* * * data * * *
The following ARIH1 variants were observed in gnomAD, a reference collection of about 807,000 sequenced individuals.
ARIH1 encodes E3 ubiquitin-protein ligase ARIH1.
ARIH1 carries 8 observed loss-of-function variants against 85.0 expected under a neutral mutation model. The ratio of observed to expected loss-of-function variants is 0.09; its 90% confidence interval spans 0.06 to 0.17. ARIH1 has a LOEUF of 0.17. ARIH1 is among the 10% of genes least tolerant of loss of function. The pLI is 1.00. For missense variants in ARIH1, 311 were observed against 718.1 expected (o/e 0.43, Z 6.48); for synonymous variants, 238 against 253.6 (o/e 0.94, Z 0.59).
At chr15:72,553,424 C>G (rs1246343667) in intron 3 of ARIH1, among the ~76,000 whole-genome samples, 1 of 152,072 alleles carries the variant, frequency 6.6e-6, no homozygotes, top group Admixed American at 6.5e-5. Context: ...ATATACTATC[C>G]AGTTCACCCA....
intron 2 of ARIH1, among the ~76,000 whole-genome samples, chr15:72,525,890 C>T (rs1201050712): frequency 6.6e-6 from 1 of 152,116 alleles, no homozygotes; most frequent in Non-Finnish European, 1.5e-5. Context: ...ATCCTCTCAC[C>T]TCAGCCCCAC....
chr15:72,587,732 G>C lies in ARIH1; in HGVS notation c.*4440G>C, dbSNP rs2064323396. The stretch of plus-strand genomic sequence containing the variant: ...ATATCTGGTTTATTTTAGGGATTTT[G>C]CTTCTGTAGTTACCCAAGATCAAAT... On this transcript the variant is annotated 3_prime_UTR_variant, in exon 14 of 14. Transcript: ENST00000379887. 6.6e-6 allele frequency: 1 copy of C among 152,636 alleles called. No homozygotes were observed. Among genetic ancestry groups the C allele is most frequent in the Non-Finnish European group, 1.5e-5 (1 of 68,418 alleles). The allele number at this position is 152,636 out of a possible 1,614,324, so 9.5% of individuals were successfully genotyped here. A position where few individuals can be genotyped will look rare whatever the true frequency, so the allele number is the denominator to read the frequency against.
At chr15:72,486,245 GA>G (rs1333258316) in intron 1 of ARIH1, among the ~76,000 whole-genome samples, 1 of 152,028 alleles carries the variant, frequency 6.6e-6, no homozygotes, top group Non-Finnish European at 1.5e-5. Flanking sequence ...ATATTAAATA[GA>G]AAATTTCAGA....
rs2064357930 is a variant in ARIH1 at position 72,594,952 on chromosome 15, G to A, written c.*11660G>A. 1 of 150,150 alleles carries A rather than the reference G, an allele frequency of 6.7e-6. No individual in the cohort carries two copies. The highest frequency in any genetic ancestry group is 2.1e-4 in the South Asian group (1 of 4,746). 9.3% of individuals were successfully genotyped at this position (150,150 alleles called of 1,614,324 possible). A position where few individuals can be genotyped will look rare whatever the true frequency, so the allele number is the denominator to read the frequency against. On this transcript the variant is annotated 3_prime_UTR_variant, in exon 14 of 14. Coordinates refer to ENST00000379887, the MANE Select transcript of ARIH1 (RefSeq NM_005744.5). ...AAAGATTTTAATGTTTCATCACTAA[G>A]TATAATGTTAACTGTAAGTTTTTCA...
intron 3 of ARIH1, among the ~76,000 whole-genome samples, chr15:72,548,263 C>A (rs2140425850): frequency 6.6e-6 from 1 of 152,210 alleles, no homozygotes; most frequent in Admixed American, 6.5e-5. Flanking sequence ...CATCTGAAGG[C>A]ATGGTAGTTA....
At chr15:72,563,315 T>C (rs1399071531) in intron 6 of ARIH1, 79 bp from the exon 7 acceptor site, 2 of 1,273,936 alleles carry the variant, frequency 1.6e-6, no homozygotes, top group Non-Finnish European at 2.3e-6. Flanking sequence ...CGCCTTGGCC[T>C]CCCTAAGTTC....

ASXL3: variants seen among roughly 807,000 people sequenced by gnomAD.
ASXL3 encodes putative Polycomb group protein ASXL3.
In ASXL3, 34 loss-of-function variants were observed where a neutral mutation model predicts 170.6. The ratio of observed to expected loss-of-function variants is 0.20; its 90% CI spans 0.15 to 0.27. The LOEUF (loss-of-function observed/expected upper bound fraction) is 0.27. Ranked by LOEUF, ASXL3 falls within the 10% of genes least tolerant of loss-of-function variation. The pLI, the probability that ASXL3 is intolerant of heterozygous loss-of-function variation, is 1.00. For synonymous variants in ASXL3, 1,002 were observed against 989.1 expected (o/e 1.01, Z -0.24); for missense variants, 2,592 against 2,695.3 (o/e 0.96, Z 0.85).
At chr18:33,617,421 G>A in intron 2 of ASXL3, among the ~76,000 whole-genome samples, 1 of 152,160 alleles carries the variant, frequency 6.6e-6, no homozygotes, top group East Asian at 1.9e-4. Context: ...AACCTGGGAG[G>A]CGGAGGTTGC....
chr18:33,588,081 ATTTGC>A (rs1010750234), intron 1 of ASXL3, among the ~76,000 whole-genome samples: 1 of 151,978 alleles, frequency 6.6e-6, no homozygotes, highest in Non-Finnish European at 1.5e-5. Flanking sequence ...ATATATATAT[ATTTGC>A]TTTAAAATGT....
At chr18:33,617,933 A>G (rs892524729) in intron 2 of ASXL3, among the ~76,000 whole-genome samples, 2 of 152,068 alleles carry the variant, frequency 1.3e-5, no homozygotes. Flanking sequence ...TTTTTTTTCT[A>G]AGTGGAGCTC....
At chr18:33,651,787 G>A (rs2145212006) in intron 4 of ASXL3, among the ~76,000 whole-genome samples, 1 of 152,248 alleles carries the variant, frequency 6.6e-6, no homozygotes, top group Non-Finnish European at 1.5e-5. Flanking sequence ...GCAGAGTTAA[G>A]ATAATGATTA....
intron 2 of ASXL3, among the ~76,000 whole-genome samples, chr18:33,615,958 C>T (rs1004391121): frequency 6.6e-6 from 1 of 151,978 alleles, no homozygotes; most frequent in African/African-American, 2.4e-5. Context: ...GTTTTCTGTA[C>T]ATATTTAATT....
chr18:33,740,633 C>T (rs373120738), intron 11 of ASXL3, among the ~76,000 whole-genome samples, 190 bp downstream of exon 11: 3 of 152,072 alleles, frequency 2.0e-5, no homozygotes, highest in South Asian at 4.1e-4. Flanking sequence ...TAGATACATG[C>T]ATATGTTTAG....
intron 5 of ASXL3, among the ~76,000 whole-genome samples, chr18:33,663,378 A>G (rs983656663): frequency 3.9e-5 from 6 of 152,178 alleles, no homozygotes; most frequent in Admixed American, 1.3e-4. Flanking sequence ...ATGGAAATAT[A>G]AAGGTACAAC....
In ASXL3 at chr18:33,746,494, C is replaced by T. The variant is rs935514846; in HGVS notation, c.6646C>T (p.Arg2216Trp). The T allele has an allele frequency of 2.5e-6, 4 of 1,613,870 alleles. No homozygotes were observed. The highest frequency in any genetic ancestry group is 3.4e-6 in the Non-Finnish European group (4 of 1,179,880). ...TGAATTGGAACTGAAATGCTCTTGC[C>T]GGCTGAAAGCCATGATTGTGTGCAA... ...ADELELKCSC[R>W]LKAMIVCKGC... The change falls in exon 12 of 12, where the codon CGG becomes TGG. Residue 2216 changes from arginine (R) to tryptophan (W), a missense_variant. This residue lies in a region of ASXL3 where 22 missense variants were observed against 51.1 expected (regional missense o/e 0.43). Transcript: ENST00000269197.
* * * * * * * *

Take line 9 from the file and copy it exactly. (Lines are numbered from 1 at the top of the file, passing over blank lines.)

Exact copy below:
intron 3 of ARIH1, among the ~76,000 whole-genome samples, chr15:72,548,263 C>A (rs2140425850): frequency 6.6e-6 from 1 of 152,210 alleles, no homozygotes; most frequent in Admixed American, 6.5e-5. Flanking sequence ...CATCTGAAGG[C>A]ATGGTAGTTA....